Permanent Pacemaker Care

Permanent Pacemaker Care

Designed to operate for 3 to 20 years, a permanent pacemaker is a self-contained device that the surgeon implants in a pocket beneath the patient’s skin. This procedure is usually done in the operating room or cardiac catheterization laboratory. Nursing responsibilities involve monitoring the electrocardiogram (ECG) and maintaining sterile technique.

Permanent pacemakers function in the demand mode, allowing the patient’s heart to beat on its own but preventing it from falling below a preset rate. Pacing electrodes can be placed in the atria, the ventricles, or both chambers (atrioventricular sequential, dual chamber). (See Understanding pacemaker codes.) The most common pacing codes are VVI for single-chamber pacing and DDD for dual-chamber pacing.

Candidates for permanent pacemakers include patients with myocardial infarction and persistent bradyarrhythmia and patients with complete heart block or slow ventricular rates stemming from congenital or degenerative heart disease or cardiac surgery.1 Patients who suffer from Stokes-Adams, Wolff-Parkinson-White, or sick sinus syndrome may also benefit from permanent pacemaker implantation.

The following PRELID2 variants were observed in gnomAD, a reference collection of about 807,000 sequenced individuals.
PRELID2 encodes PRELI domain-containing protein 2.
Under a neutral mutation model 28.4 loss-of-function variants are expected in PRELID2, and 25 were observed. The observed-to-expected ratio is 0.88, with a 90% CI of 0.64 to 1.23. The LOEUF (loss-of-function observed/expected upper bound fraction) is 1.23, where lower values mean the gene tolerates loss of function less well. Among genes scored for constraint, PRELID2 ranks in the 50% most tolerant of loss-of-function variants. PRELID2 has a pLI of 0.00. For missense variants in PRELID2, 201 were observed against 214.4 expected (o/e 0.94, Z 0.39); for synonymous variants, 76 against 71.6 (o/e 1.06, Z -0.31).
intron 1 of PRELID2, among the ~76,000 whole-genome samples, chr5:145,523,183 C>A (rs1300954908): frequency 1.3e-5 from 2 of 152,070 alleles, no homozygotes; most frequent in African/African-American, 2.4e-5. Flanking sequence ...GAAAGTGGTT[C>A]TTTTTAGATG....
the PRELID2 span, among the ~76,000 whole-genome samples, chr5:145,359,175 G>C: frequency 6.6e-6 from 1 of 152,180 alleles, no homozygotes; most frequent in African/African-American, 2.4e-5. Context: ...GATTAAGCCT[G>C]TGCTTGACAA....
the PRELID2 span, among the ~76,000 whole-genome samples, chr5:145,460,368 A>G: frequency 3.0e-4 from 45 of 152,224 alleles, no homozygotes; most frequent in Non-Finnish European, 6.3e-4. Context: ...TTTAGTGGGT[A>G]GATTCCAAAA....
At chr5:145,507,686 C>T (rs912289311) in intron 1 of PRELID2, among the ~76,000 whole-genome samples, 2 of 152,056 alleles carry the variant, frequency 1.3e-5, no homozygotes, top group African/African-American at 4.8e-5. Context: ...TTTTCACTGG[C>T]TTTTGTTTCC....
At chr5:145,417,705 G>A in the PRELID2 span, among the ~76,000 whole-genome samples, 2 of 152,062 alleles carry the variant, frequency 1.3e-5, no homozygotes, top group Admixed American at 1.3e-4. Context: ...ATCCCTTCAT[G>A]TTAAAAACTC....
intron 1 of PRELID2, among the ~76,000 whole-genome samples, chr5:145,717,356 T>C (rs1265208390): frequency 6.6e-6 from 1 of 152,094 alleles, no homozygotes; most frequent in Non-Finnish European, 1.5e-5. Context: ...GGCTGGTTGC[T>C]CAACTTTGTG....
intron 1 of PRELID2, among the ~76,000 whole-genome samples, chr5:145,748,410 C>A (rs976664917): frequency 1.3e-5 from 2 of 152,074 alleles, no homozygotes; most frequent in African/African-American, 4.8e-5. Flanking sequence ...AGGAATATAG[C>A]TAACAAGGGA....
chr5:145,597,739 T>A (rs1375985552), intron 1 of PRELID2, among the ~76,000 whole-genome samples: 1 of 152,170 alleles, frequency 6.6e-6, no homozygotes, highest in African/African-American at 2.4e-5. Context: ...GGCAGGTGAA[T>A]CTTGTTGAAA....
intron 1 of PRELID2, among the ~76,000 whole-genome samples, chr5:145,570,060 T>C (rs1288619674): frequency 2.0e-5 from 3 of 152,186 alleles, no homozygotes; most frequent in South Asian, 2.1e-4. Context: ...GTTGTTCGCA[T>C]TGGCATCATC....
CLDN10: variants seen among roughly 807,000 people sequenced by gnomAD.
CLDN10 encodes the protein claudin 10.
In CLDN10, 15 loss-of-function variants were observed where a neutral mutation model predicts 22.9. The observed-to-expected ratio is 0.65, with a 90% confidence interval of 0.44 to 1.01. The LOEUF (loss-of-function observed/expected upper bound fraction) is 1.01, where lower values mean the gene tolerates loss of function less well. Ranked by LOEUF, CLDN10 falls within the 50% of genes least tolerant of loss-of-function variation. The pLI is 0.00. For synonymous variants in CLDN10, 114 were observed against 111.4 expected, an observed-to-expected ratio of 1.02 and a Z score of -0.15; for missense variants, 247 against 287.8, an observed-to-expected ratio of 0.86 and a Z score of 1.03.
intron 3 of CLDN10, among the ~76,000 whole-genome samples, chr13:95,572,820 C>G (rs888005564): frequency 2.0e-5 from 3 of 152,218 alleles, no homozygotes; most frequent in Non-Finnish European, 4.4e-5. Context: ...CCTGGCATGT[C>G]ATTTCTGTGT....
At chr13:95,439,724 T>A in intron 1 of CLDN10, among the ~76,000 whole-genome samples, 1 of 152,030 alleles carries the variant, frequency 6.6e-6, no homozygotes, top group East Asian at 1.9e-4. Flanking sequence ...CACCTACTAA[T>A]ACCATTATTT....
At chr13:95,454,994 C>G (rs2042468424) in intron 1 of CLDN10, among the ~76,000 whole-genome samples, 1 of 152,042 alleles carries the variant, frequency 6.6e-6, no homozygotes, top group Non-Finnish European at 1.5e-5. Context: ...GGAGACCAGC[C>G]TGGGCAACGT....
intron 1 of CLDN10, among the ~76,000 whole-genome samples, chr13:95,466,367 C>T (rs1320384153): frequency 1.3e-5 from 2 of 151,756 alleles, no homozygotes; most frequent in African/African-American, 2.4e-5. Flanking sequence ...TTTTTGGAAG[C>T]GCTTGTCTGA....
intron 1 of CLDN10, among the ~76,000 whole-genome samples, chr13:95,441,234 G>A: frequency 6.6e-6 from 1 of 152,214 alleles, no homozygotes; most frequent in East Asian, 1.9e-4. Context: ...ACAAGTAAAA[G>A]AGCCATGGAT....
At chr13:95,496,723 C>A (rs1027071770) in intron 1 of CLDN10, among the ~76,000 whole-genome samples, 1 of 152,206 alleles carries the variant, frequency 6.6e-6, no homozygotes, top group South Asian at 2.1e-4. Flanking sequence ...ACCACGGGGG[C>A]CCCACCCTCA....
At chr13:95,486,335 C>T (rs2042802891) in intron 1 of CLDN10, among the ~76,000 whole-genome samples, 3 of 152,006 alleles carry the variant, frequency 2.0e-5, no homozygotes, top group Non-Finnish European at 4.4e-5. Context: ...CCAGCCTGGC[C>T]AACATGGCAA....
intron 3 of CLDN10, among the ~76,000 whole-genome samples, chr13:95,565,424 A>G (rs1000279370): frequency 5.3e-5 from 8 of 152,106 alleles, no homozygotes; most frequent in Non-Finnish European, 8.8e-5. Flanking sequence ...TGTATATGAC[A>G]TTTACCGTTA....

Permanent pacemakers are also used in patients other than those with symptomatic bradycardia. These include patients with hypertrophic obstructive cardiomyopathy, dilated cardiomyopathy, atrial fibrillation, neurocardiogenic syndrome, and long-QT syndrome.

A biventricular pacemaker is effective in patients with heart failure who have intraventricular conductor defects. This device differs from a standard pacemaker in that it has three leads instead of one or two. One lead is placed in the right atrium and the others are placed in each of the ventricles, where they simultaneously stimulate the right and left ventricle. This allows the ventricles to coordinate their pumping action, making the heart more efficient.

Jul 21, 2016 | Posted by in NURSING | Comments Off on Permanent Pacemaker Care

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